Switch to: References

Add citations

You must login to add citations.
  1. Beyond Explanation: Understanding as Dependency Modeling.Finnur Dellsén - 2018 - British Journal for the Philosophy of Science.
    This paper presents and argues for an account of objectual understanding that aims to do justice to the full range of cases of scientific understanding, including cases in which one does not have an explanation of the understood phenomenon. According to the proposed account, one understands a phenomenon just in case one grasps a sufficiently accurate and comprehensive model of the ways in which it or its features are situated within a network of dependence relations; one’s degree of understanding is (...)
    Download  
     
    Export citation  
     
    Bookmark   2 citations  
  • Procedural Justice and the Problem of Intellectual Deference.Kristoffer Ahlstrom-Vij - 2014 - Episteme 11 (4):423-442.
    It is a well-established fact that we tend to underestimate our susceptibility to cognitive bias on account of overconfidence, and thereby often fail to listen to intellectual advice aimed at reducing such bias. This is the problem of intellectual deference. The present paper considers this problem in contexts where educators attempt to teach students how to avoid bias for purposes of instilling epistemic virtues. It is argued that recent research in social psychology suggests that we can come to terms with (...)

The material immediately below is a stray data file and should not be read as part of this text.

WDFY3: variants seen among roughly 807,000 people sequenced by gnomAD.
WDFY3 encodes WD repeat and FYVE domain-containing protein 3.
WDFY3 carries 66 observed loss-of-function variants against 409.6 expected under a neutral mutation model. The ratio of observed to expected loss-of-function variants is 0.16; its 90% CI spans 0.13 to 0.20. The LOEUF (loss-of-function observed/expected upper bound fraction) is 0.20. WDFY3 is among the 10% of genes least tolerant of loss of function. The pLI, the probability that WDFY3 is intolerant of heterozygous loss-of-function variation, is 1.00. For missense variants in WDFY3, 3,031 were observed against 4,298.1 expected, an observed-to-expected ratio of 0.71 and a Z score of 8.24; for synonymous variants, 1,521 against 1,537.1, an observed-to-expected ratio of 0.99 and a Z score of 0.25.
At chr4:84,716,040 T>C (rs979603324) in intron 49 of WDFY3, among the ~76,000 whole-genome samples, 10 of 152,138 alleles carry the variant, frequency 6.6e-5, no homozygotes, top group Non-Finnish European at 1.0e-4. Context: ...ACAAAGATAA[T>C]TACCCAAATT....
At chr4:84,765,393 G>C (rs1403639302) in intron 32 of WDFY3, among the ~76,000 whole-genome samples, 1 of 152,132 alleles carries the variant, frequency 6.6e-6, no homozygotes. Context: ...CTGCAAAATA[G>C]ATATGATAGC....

Download  
     
    Export citation  
     
    Bookmark   1 citation  
  • Is Knowledge of Causes Sufficient for Understanding?Xingming Hu - 2018 - Canadian Journal of Philosophy 49 (3):291-313.
    ABSTRACT: According to a traditional account, understanding why X occurred is equivalent to knowing that X was caused by Y. This paper defends the account against a major objection, viz., knowing-that is not sufficient for understanding-why, for understanding-why requires a kind of grasp while knowledge-that does not. I discuss two accounts of grasp in recent literature and argue that if either is true, then knowing that X was caused by Y entails at least a rudimentary understanding of why X occurred. (...)
    Download  
     
    Export citation  
     
    Bookmark  
  • Understanding, Problem-Solving, and Conscious Reflection.Andrei Mărăşoiu - 2019 - Acta Analytica 34 (1):71-81.
    According to Zagzebski, understanding something is justified by the exercise of cognitive skills and intellectual virtues the knower possesses. Zagzebski develops her view by suggesting that “understanding has internalist conditions for success”. Against this view, Grimm raises an objection: what justifies understanding is the reliability of the processes by which we come to understand, and we need not be aware of the outcome of all reliable processes. Understanding is no exception, so, given that understanding something results from reliable processes, we (...)
    Download  
     
    Export citation  
     
    Bookmark  
  • Is True Belief Really a Fundamental Epistemic Value?Lance K. Aschliman - forthcoming - Episteme:1-17.
    Download  
     
    Export citation  
     
    Bookmark